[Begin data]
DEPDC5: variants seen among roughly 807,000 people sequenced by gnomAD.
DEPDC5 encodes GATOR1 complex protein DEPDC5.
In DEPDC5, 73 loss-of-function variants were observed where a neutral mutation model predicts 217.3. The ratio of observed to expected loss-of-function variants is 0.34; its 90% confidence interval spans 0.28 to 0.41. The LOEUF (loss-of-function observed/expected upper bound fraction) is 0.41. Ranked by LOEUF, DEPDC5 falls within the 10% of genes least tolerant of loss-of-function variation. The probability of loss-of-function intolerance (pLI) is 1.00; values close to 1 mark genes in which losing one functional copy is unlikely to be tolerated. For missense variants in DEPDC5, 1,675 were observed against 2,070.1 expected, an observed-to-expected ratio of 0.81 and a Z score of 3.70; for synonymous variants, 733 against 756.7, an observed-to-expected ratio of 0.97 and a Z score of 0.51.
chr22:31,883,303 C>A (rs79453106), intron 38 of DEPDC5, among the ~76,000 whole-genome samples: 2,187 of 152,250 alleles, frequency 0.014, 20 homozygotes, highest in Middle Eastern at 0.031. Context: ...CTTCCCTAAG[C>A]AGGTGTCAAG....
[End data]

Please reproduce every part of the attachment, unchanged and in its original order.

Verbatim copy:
DEPDC5: variants seen among roughly 807,000 people sequenced by gnomAD.
DEPDC5 encodes GATOR1 complex protein DEPDC5.
In DEPDC5, 73 loss-of-function variants were observed where a neutral mutation model predicts 217.3. The ratio of observed to expected loss-of-function variants is 0.34; its 90% confidence interval spans 0.28 to 0.41. The LOEUF (loss-of-function observed/expected upper bound fraction) is 0.41. Ranked by LOEUF, DEPDC5 falls within the 10% of genes least tolerant of loss-of-function variation. The probability of loss-of-function intolerance (pLI) is 1.00; values close to 1 mark genes in which losing one functional copy is unlikely to be tolerated. For missense variants in DEPDC5, 1,675 were observed against 2,070.1 expected, an observed-to-expected ratio of 0.81 and a Z score of 3.70; for synonymous variants, 733 against 756.7, an observed-to-expected ratio of 0.97 and a Z score of 0.51.
chr22:31,883,303 C>A (rs79453106), intron 38 of DEPDC5, among the ~76,000 whole-genome samples: 2,187 of 152,250 alleles, frequency 0.014, 20 homozygotes, highest in Middle Eastern at 0.031. Context: ...CTTCCCTAAG[C>A]AGGTGTCAAG....